IBM, Repsol Team to Deliver Cognitive Solutions for the Oil Industry

 
 
By Darryl K. Taft  |  Posted 2014-11-02 Print this article Print
 
 
 
 
 
 
 
IBM big data

IBM and Repsol have joined forces to help with oil and gas exploration by delivering new cognitive computing applications.

IBM and Repsol S.A., a Spanish integrated oil and gas company, recently announced a new research collaboration to leverage cognitive technologies that will help transform the oil and gas industry.

IBM and Repsol are jointly developing two prototype cognitive applications designed to augment Repsol’s strategic decision making in the optimization of oil reservoir production and in the acquisition of new oil fields.

The companies will use IBM’s Cognitive Environments Laboratory (CEL) to jointly develop and apply new prototype cognitive tools for real-world use cases in the oil and gas industry. Cognitive computing software agents, known as “cogs,” and other technologies will be designed to collaborate with human experts in more natural ways, learn through interaction, and enable individuals and teams to make better decisions by overcoming cognitive limitations posed by big data.

Scientists in the CEL will also be able to experiment with a combination of traditional and new interfaces based upon spoken dialog, gesture, robotics and advanced visualization and navigation techniques, IBM said. Through these modalities, they will be able to learn and leverage sophisticated models of human characteristics, preferences and biases that may be present in the decision-making process.

For example, an engineer evaluating what new oil fields to acquire will typically have to manually read through an enormous set of journal papers and baseline reports with seismic imaging data and models of reservoir, well, facilities, production and export. Cognitive technologies can quickly help by analyzing hundreds of thousands of papers and reports, prioritize and link that data to the specific decision at hand, and introduce new real-time factors to be considered such as current news events around economic instability, political unrest and natural disasters. Using the research tools in the CEL, the engineer along with key stakeholders can more fluidly build conceptual and geological models, highlight the impact of the potential risks and uncertainty, visualize trade-offs, and explore what-if scenarios to ensure the best decision is made, IBM said.

The oil and gas industry boasts some of the most advanced geological, geophysical and chemical science in the world. However, with the explosion of big data and emerging science, the discovery, mining, integration and interpretation of this data, together with critical geopolitical, economic and other global news, require a whole new approach to computing that can speed access to business insights, enhance strategic decision-making and drive productivity.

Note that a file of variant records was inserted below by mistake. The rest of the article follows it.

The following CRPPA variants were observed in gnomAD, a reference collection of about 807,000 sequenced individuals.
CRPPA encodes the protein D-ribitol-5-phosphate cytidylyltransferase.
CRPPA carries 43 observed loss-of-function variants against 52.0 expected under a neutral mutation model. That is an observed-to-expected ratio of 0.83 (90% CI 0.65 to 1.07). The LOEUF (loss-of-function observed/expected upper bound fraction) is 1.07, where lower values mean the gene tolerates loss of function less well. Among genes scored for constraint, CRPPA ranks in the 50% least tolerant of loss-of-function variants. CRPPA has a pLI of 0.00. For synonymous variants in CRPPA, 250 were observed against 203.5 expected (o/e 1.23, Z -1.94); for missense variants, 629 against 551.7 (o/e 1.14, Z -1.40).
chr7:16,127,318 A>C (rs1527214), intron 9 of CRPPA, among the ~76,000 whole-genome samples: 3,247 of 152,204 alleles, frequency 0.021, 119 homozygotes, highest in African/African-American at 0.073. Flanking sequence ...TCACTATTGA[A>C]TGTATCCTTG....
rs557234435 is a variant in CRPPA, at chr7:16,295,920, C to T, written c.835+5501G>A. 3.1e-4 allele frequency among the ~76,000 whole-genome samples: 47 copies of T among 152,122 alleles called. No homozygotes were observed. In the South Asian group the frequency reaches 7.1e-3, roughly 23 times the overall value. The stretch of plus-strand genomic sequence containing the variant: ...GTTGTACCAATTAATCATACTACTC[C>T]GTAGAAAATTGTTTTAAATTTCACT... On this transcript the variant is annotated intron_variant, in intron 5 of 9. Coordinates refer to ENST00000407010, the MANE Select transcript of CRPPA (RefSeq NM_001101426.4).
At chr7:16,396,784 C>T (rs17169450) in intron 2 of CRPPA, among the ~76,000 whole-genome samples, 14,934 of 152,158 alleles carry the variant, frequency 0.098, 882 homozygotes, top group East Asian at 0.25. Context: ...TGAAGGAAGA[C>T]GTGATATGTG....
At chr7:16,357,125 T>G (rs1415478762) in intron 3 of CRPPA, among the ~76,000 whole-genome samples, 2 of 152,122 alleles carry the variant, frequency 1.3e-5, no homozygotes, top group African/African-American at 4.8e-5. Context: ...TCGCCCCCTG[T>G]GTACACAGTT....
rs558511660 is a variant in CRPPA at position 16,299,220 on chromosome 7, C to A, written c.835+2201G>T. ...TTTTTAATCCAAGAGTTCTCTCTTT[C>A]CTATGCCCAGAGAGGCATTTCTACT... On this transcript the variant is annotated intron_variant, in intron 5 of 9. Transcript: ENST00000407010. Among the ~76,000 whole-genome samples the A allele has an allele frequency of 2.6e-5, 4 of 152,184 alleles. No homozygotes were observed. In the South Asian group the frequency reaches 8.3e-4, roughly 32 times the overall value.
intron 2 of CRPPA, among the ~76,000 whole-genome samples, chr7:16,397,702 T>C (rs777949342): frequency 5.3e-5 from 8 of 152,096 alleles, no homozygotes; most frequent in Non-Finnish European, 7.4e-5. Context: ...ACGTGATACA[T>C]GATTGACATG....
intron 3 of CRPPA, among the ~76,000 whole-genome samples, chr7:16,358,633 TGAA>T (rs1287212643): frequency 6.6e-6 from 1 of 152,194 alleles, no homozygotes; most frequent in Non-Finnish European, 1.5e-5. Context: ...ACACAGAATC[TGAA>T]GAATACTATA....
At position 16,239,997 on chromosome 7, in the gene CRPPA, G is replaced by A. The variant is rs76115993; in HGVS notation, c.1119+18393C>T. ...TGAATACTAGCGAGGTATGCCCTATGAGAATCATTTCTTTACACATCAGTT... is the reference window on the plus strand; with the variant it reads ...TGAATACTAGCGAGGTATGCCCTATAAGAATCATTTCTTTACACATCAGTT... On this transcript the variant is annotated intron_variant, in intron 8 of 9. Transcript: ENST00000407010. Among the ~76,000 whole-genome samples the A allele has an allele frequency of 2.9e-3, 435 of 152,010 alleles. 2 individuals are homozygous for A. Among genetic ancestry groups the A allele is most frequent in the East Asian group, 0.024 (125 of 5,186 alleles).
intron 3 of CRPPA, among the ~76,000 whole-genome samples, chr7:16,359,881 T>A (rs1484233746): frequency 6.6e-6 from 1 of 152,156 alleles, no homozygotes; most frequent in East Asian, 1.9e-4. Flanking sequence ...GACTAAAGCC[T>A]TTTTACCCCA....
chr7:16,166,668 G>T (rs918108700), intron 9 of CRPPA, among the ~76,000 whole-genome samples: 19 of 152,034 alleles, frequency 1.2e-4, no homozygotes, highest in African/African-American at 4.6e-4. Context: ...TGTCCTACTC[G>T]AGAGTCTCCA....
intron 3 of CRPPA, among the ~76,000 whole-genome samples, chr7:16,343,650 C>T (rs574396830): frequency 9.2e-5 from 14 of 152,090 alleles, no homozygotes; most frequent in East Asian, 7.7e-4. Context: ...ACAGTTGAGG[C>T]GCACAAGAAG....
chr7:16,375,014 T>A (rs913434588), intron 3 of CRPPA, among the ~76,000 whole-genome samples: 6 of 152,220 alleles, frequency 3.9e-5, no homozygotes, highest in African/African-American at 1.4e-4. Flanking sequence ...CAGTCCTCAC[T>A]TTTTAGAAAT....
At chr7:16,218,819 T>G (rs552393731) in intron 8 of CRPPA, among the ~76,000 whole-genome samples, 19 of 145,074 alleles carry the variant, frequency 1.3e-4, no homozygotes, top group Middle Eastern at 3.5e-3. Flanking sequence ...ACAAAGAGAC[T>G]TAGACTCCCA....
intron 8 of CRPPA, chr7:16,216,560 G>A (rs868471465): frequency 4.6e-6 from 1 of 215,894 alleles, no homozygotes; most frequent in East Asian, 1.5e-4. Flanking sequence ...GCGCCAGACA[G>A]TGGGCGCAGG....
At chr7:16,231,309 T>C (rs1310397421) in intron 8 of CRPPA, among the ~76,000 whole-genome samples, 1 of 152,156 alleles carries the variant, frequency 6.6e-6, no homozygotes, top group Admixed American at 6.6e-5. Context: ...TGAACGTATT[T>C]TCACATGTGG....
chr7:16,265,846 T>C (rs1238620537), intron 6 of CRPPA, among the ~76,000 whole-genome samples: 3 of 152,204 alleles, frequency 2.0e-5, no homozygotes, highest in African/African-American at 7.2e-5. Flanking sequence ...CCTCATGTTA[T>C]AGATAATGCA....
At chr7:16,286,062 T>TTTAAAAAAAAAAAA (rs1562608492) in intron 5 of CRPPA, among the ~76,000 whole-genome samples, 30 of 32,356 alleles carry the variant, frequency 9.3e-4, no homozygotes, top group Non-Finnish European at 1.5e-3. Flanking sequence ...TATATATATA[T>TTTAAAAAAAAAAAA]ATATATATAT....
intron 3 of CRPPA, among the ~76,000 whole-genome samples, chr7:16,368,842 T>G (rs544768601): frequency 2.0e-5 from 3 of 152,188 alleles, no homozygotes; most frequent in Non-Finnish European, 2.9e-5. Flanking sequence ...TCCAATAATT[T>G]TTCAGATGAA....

The two prototype applications that will be jointly developed by IBM and Repsol will leverage cognitive computing capabilities to specifically help Repsol reduce the risk and uncertainty of future oil field acquisitions and maximize the yield of existing oil fields – both of which can have a significant impact on the efficiency and efficacy of the global operations of Repsol and all oil and gas companies, the company said.

“Repsol’s technological research and applications have already helped us significantly improve the way we visualize and develop oil and gas fields, and this latest collaboration with IBM opens up a whole world of new possibilities,” said Santiago Quesada Garmendia, director of exploration and production technology for Repsol, in a statement. “We are convinced that the seamless blending of technology and talent will be the key driver for the industry in the 21st Century, where efficient management of resources is paramount.”

IBM has made major strides in the cognitive computing field with its Watson cognitive computing system, which is now fueling cognitive applications in the medical, financial service, travel, customer service and other industries. Cognitive environments can look and feel very different--from board rooms in the workplace, to cars, to homes, to mobile devices, but by being connected to one another they will enable human-computer collaboration at “the speed of thought,” leading to more informed and robust decision-making.

“In the field of oil and gas, a deeply interactive and significantly more collaborative cognitive environment enables geologists, geophysicists, petrochemical engineers, economists, planners, and developers to come together in a single environment that leverages their individual and unique skills, tools and applications,” said Dario Gil, director of the Cognitive Environments Lab at IBM Research, in a statement. “Cognitive environments can enhance the collective intelligence of the group and influence the direction of strategic decisions for better outcomes, which for Repsol will be optimizing reservoir production or enhancing the decision-making process for the acquisition of new oil fields.”

 
 
 
 
 
 
 
 
 
 
 
 
 

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